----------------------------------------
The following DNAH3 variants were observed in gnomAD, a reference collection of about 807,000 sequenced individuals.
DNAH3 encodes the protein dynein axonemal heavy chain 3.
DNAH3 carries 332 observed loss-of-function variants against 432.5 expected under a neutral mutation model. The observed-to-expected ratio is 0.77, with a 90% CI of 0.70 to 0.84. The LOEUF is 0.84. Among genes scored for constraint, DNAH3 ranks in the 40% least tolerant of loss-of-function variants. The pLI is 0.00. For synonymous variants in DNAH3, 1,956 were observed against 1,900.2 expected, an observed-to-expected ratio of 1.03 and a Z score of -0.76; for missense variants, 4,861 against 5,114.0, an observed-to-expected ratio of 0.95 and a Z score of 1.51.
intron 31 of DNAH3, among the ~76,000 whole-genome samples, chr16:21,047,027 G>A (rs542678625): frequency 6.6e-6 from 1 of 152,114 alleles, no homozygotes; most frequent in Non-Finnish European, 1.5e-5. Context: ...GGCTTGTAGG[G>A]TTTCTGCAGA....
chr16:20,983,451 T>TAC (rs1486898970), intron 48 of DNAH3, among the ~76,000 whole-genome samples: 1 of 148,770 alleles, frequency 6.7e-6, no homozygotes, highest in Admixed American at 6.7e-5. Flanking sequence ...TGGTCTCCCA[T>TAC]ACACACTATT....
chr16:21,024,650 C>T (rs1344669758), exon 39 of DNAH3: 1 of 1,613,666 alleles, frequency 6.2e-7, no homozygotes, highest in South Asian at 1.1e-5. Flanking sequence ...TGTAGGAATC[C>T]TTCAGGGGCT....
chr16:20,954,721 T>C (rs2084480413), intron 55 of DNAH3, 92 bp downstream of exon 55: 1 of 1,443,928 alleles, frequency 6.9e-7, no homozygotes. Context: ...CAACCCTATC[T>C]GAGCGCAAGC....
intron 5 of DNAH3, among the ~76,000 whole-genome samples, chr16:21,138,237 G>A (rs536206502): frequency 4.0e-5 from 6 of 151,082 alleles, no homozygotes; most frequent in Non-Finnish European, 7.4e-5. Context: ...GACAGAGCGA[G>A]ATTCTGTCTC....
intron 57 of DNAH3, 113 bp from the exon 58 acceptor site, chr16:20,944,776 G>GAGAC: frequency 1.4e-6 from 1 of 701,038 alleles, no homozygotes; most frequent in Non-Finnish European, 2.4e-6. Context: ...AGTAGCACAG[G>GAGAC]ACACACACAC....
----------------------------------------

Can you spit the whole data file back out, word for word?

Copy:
The following DNAH3 variants were observed in gnomAD, a reference collection of about 807,000 sequenced individuals.
DNAH3 encodes the protein dynein axonemal heavy chain 3.
DNAH3 carries 332 observed loss-of-function variants against 432.5 expected under a neutral mutation model. The observed-to-expected ratio is 0.77, with a 90% CI of 0.70 to 0.84. The LOEUF is 0.84. Among genes scored for constraint, DNAH3 ranks in the 40% least tolerant of loss-of-function variants. The pLI is 0.00. For synonymous variants in DNAH3, 1,956 were observed against 1,900.2 expected, an observed-to-expected ratio of 1.03 and a Z score of -0.76; for missense variants, 4,861 against 5,114.0, an observed-to-expected ratio of 0.95 and a Z score of 1.51.
intron 31 of DNAH3, among the ~76,000 whole-genome samples, chr16:21,047,027 G>A (rs542678625): frequency 6.6e-6 from 1 of 152,114 alleles, no homozygotes; most frequent in Non-Finnish European, 1.5e-5. Context: ...GGCTTGTAGG[G>A]TTTCTGCAGA....
chr16:20,983,451 T>TAC (rs1486898970), intron 48 of DNAH3, among the ~76,000 whole-genome samples: 1 of 148,770 alleles, frequency 6.7e-6, no homozygotes, highest in Admixed American at 6.7e-5. Flanking sequence ...TGGTCTCCCA[T>TAC]ACACACTATT....
chr16:21,024,650 C>T (rs1344669758), exon 39 of DNAH3: 1 of 1,613,666 alleles, frequency 6.2e-7, no homozygotes, highest in South Asian at 1.1e-5. Flanking sequence ...TGTAGGAATC[C>T]TTCAGGGGCT....
chr16:20,954,721 T>C (rs2084480413), intron 55 of DNAH3, 92 bp downstream of exon 55: 1 of 1,443,928 alleles, frequency 6.9e-7, no homozygotes. Context: ...CAACCCTATC[T>C]GAGCGCAAGC....
intron 5 of DNAH3, among the ~76,000 whole-genome samples, chr16:21,138,237 G>A (rs536206502): frequency 4.0e-5 from 6 of 151,082 alleles, no homozygotes; most frequent in Non-Finnish European, 7.4e-5. Context: ...GACAGAGCGA[G>A]ATTCTGTCTC....
intron 57 of DNAH3, 113 bp from the exon 58 acceptor site, chr16:20,944,776 G>GAGAC: frequency 1.4e-6 from 1 of 701,038 alleles, no homozygotes; most frequent in Non-Finnish European, 2.4e-6. Context: ...AGTAGCACAG[G>GAGAC]ACACACACAC....